Amid internal unrest, Khamenei says Trump is a ‘clown’ who will betray Iranians

Source: Amid internal unrest, Khamenei says Trump is a ‘clown’ who will betray Iranians | The Times of Israel

Nation’s top leader says outpouring of grief for slain general shows Iranians support Islamic Republic; claims missile attack in Iraq was a ‘blow to America’s image’

In this file photo released on May 22, 2019 by the official website of the office of the Iranian supreme leader, Supreme Leader Ayatollah Ali Khamenei speaks to a group of students in Tehran, Iran (Office of the Iranian Supreme Leader via AP, File)

TEHRAN, Iran (AP) — Iran’s supreme leader said US President Donald Trump is a “clown” who only pretends to support the Iranian people, as he addressed Friday prayers In Tehran for the first time since 2012.

Ayatollah Ali Khamenei said Trump will “push a poisonous dagger” into the nation’s back. He said the outpouring of grief at the funeral for Iran’s top general, who was killed in a US airstrike earlier this month, shows that Iranians support the Islamic Republic.

Khamenei said America had “cowardly” killed the most effective commander in the fight against the Islamic State group when it killed Gen. Qassem Soleimani, the deputy commander of the extraterritorial Quds Force, in a US airstrike in Baghdad.

In response, Iran launched a barrage of ballistic missiles targeting US troops in Iraq, without causing serious injuries. Khamenei said the missile attack was a “blow to America’s image” as a superpower. In part of the sermon delivered in Arabic, he said the “real punishment” would be in forcing the US to withdraw from the Middle East.

As Iran’s Revolutionary Guard braced for an American counterattack that never came, it mistakenly shot down a Ukrainian jetliner shortly after it took off from Tehran’s international airport, killing all 176 passengers on board, mostly Iranians.

A bulldozer seen working as rescue workers search the scene where an Ukrainian plane crashed in Shahedshahr, southwest of the capital Tehran, Iran, Wednesday, Jan. 8, 2020. (AP Photo/Ebrahim Noroozi)

Khamenei called the shoot-down of the plane a “bitter accident” that saddened Iran as much as it made its enemies happy. He said it should not overshadow Soleimani’s “sacrifice” for the country.

He said Iran’s enemies had seized on the crash to question the Islamic Republic, the Revolutionary Guard and the armed forces. “Our enemies were as happy about the plane crash as we were sad … happy that they found something to question the Guards, the armed forces, the system,” he said.

Khamenei said the Quds Force, which supports terror groups in the region including Hezbollah and Hamas, “should be considered a humanitarian organization… its members are fighters without borders.”

He also lashed out at Western countries, saying they are too weak to “bring Iranians to their knees.” He said Britain, France and Germany, which this week triggered a dispute mechanism to try and bring Iran back into compliance with the unraveling 2015 nuclear agreement, were “contemptible” governments and “servants” of the United States.

He said Iran was willing to negotiate, but not with the United States.

Thousands of people attended the Friday prayers, occasionally interrupting his speech by chanting “God is greatest!” and “Death to America!”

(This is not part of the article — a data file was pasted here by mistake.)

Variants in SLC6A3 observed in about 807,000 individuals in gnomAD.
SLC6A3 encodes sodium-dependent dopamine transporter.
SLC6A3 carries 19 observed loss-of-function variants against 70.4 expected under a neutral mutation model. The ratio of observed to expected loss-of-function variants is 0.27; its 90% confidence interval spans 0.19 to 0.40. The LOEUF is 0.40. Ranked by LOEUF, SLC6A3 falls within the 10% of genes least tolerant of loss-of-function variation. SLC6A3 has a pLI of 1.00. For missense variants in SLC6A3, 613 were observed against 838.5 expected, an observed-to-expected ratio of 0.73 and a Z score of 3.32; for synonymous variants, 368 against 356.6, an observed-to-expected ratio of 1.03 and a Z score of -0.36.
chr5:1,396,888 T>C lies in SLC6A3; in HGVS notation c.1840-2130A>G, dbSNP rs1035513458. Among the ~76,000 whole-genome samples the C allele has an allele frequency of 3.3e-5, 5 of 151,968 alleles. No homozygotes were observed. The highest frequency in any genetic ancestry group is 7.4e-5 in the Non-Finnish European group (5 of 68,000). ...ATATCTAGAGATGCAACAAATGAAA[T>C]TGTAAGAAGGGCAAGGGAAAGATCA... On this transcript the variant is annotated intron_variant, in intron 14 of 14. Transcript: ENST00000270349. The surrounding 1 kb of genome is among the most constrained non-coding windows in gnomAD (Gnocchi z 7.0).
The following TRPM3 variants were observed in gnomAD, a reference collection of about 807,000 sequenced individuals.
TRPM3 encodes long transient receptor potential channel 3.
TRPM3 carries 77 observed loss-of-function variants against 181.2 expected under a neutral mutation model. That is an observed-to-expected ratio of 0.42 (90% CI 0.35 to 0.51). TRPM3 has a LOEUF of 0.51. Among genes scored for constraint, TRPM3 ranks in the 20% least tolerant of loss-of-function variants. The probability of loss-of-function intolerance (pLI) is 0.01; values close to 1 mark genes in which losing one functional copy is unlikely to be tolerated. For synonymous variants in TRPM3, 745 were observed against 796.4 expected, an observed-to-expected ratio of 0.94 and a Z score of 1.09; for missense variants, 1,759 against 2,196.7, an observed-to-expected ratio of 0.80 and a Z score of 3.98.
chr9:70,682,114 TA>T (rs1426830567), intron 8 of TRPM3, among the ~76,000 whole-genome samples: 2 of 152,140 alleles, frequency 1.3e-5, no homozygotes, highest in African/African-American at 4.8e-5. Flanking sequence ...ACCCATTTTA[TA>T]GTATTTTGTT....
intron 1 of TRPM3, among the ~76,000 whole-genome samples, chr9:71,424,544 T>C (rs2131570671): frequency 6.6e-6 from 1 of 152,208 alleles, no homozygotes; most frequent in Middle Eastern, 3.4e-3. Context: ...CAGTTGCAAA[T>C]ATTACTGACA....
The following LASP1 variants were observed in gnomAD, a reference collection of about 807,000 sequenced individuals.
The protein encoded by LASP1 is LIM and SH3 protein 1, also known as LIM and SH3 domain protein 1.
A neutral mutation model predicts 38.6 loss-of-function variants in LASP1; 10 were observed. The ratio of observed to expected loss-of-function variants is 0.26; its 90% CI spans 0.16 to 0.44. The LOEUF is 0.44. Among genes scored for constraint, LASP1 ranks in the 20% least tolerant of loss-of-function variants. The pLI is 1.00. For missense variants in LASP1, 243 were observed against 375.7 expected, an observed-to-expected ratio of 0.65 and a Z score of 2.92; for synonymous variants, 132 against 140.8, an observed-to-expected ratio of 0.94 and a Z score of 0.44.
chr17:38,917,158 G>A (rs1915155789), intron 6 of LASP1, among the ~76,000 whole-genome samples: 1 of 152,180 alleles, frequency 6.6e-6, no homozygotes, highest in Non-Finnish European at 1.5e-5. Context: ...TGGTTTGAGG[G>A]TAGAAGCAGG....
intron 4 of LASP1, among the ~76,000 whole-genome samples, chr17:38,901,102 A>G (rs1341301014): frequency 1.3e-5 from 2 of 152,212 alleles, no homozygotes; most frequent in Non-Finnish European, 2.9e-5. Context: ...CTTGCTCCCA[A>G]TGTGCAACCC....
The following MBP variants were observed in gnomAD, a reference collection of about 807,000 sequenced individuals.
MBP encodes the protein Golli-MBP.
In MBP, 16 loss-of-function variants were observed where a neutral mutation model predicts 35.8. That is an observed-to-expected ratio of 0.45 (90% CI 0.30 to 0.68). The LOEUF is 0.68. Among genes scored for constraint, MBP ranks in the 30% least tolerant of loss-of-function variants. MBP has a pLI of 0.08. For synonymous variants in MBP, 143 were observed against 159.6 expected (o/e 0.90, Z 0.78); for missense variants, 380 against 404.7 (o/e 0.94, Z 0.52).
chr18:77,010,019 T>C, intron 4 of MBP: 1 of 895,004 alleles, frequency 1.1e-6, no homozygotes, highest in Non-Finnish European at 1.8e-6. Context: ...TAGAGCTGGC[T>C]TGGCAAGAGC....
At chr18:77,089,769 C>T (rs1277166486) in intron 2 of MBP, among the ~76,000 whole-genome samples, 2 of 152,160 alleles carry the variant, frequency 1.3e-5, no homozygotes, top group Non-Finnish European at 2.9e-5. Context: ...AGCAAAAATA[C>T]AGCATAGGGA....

Ayatollah Ali Khamenei has held the country’s top office since 1989 and has the final say on all major decisions. The 80-year-old leader openly wept at the funeral of Gen. Qassem Soleimani and vowed “harsh retaliation” against the United States.

Authorities concealed their role in the tragedy for three days, initially blaming the crash on a technical problem. Their admission of responsibility triggered days of street protests, which security forces dispersed with live ammunition and tear gas.

Tensions between Iran and the United States have steadily escalated since President Donald Trump withdrew the US from Iran’s 2015 nuclear deal with world powers, which had imposed restrictions on its nuclear program in exchange for the lifting of international sanctions.

Iranians walk past a poster of slain military commander Qassem Soleimani off a main square in the Islamic Republic’s capital Tehran on January 11, 2020. (Atta Kenare/AFP)

The White House has since imposed crippling sanctions on Iran, including its vital oil and gas industry, pushing the country into an economic crisis that has ignited several waves of sporadic, leaderless protests. Trump has openly encouraged the protesters — even tweeting in Farsi — hoping that the protests and the sanctions will bring about fundamental change in a longtime adversary.

After Soleimani was killed in a US airstrike in Baghdad, Iran announced it would no longer be bound by the limitations in the nuclear agreement. European countries who have been trying to salvage the deal responded earlier this week by invoking a dispute mechanism that is aimed at bringing Iran back into compliance and could result in even more sanctions.

Iranian students gather for a demonstration over the downing of a Ukrainian airliner at Tehran University on January 14, 2020. (Atta Kenare/AFP)

Khamenei was always skeptical of the nuclear agreement, arguing that the United States could not be trusted. But he allowed President Hassan Rouhani, a relative moderate, to conclude the agreement with President Barack Obama. Since Trump’s withdrawal, he has said there can be no negotiations with the United States.

Khamenei last delivered a Friday sermon in February 2012, when he called Israel a “cancerous tumor” and vowed to support anyone confronting it. He also warned against any US strikes on Iran over its nuclear program, saying the US would be damaged “10 times over.”

 

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